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  More efficient use of Texture.bind() when rendering terrain patches?  (Read 405 times)
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Offline pixelprime

Junior Member


Medals: 3



« Posted 2013-03-26 12:35:20 »

Hey peeps!

I'm currently using LWJGL to write a terrain renderer for an upcoming project, and wanted to ask a bit of a newbie question about texture binding and performance.

The Set-Up:
Here's a quick schematic of how my terrain works at present:



I load in a greyscale height map of 64 x 64 pixels, where each pixel represents a terrain quad of a set height. The entire data set is split into 16 patches each containing 16 x 16 (256) individual quads.

The Problem:

At runtime, I scan the entire set of terrain patches (16 in total), and work out which ones are in the view frustum (shown in green in the left part of the diagram, from the perspective of the yellow player marker).

For each of these patches in view, I then cycle through each of its individual quads (i.e. the right portion of the diagram) and render them at the required position. No frustum culling is done on these to minimise the amount of view-calculations I'm doing at run time. All of these objects are rendered as VBOs.

My problem is with texture binding. You'll see that in any single patch of terrain, I might have two (or potentially more) different textures to apply. If it was one texture, I'd just do a Texture.bind() once for each patch (or maybe just once per render cycle, until it needs changing for something else), but when there's more than one I'm starting to wonder about the best way to optimise it.

Would a solution be to map out a list of indices for each unique texture to be rendered in any given patch, then cycle through each one - rendering as I go?

So, each patch could have the following code:

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// Index arrays for each unique type of texture
boolean[] texIndex1 = new boolean[16*16];
boolean[] texIndex2 = new boolean[16*16];

protected void resetIndices()
{
    for (int i = 0; i < (16*16); i++) { texIndex1[i] = false; texIndex2[i] = false; }
}

protected void setupIndices()
{
    // N.B. These values will be set during the initial terrain load
   // Obviously there would be 'true' values for all 256 quads, but for now
   // I'm just using 8 as an example!
   texIndex1[14] = true;
    texIndex1[18] = true;
    texIndex1[25] = true;
    texIndex1[29] = true;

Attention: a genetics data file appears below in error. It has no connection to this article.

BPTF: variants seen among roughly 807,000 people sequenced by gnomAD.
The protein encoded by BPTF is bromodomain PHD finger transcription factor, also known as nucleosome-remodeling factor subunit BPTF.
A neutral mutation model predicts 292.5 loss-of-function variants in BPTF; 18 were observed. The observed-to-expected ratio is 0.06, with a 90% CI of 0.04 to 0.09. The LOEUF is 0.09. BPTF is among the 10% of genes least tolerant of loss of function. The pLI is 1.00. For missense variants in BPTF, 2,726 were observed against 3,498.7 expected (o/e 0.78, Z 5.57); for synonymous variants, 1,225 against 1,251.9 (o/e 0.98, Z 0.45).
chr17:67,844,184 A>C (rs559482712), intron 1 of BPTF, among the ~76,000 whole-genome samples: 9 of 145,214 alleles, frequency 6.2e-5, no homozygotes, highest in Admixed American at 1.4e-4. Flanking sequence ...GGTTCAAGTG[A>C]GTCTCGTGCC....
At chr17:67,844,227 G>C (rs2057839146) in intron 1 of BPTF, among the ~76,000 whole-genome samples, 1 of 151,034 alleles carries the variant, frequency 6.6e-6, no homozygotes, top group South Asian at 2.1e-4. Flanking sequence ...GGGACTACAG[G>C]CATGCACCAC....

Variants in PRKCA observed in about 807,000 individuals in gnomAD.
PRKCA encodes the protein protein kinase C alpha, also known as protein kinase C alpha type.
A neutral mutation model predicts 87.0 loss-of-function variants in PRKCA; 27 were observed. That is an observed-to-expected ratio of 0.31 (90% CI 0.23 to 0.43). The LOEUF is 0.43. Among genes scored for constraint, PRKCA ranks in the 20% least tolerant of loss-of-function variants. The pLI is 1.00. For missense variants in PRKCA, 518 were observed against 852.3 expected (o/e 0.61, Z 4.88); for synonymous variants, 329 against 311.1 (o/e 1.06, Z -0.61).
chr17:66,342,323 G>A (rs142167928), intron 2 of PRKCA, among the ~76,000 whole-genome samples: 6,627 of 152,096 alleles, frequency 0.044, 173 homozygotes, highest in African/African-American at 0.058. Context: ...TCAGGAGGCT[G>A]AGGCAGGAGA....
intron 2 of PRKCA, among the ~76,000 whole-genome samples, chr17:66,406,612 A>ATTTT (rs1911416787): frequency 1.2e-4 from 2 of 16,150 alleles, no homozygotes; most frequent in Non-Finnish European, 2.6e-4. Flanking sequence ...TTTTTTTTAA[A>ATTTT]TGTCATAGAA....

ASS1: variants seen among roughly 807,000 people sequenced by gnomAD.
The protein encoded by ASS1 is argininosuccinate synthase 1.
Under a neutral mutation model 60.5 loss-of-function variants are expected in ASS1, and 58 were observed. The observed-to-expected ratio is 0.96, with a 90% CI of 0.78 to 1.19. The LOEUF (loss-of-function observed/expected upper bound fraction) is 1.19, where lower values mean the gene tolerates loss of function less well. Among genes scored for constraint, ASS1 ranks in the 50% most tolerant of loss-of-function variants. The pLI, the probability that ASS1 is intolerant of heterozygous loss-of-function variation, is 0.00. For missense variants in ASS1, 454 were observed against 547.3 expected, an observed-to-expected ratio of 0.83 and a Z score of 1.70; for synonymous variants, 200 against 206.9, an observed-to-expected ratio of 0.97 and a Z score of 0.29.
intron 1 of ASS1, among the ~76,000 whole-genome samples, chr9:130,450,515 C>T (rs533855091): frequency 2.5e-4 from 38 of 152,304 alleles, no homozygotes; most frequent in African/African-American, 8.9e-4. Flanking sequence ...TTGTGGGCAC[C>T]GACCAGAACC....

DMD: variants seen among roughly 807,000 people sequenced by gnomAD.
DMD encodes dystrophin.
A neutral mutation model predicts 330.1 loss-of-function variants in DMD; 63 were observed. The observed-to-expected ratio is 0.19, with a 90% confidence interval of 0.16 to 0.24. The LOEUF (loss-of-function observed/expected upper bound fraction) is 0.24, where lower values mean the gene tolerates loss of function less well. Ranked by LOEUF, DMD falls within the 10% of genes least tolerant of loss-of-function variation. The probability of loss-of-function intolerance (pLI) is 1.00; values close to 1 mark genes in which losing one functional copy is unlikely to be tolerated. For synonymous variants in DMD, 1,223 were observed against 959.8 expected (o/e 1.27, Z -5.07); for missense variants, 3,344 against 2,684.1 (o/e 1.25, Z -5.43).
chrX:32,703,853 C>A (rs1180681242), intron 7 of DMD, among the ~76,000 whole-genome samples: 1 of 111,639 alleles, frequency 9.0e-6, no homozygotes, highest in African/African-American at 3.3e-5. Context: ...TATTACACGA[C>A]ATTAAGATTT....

texIndex2[6] = true;
    texIndex2[8] = true;
    texIndex2[11] = true;
    texIndex2[21] = true;
}

protected void renderPatch()
{
    // bind the first texture
   texture1.bind();
    for (int i = 0; i < (16*16); i++)
    {
        if (texIndex1[i])
        {
            // render the quad VBO object
       }
    }

    texture2.bind();
    for (int i = 0; i < (16*16); i++)
    {
        if (texIndex2[i])
        {
            // render the quad VBO object
       }
    }
}


Am I thinking along the right lines here? Or should I simply switch texture bindings when needed?

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for (int i = 0; i < (16*16); i++)
{
    // do we need to use texture 1, but are currently using texture 2?
   if (texIndex1[i] && texActive2)
    {
        texActive2 = false;
        texActive1 = true;
        texture1.bind();
    }

    // do we need to use texture 2, but are currently using texture 1?
   if (texIndex2[i] && texActive1)
    {
        texActive1 = false;
        texActive2 = true;
        texture2.bind();
    }

    // render the quad VBO object
}


If someone could provide some insight into whether my ideas above are along the right lines, I'd be really grateful! I might be doing something dreadfully wrong here!

Thanks!
Offline theagentd
« Reply #1 - Posted 2013-03-26 13:05:36 »

You could create a list of geometry for each texture in each patch. Instead of looping sequentially through the patch and drawing everything in order, you'd draw everything that uses texture 0 first, then everything that uses texture 1, etc. You'll need some code to assign each object/tile/whatever to its texture when you start the game, but that's about it. Doing that should give you a maximum number of texture binds per patch equal to the number of unique textures the patch uses. You could even go one step further and loop over all visible patches and draw everything that passed the frustum test that uses texture 0, then all geometry that uses texture 1, etc which would keep the number of texture binds constant regardless of how much you draw or how many patches are visible.

Myomyomyo.
Offline pixelprime

Junior Member


Medals: 3



« Reply #2 - Posted 2013-03-26 17:24:35 »

This was really useful, thanks!

I ended up creating three render loops - one for each renderable texture type (one for the sides of the terrain, two for the tops).

Thanks for the tip!
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